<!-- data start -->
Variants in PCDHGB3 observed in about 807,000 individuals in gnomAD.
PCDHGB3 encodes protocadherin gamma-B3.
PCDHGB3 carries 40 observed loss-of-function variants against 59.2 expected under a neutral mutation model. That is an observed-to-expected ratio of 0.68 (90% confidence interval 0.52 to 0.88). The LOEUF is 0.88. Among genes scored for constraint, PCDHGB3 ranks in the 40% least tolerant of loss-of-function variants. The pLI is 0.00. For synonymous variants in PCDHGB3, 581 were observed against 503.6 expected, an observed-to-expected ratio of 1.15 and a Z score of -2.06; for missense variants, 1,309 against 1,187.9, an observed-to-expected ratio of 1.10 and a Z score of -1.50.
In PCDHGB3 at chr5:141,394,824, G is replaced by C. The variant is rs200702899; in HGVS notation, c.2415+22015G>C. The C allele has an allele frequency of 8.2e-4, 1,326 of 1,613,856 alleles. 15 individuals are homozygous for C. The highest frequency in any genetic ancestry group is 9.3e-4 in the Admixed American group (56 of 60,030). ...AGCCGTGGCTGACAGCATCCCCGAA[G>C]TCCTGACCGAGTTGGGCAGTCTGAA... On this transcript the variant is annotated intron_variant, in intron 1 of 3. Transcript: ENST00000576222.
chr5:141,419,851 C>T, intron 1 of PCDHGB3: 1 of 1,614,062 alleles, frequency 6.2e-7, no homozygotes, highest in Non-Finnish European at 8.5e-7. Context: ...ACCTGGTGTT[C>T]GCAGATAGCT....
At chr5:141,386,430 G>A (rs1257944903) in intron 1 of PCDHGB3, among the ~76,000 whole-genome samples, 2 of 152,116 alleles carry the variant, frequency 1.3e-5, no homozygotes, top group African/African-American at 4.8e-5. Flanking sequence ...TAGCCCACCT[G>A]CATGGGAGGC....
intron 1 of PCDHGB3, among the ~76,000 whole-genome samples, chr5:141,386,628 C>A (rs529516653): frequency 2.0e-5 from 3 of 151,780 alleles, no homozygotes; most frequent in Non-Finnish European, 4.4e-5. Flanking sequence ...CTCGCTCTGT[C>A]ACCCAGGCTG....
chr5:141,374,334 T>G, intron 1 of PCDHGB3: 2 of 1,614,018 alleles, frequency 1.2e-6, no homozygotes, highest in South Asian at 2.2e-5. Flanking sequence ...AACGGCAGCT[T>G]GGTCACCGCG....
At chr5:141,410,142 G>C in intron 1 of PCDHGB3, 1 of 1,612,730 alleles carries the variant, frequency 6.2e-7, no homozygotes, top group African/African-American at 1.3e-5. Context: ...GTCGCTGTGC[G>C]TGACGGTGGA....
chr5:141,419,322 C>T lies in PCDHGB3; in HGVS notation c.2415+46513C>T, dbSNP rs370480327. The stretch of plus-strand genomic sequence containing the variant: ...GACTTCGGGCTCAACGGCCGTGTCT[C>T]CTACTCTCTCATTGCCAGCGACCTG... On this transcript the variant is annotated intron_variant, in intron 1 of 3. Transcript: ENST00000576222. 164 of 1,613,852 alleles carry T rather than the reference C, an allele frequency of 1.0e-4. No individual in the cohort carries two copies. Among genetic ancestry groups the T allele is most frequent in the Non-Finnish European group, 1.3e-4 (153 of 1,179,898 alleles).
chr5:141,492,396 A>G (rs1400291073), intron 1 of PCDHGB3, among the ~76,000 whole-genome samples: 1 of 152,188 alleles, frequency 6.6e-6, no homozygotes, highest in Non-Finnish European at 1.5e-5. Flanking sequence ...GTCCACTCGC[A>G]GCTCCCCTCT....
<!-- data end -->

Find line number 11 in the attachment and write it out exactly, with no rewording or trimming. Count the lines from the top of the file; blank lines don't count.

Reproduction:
chr5:141,492,396 A>G (rs1400291073), intron 1 of PCDHGB3, among the ~76,000 whole-genome samples: 1 of 152,188 alleles, frequency 6.6e-6, no homozygotes, highest in Non-Finnish European at 1.5e-5. Flanking sequence ...GTCCACTCGC[A>G]GCTCCCCTCT....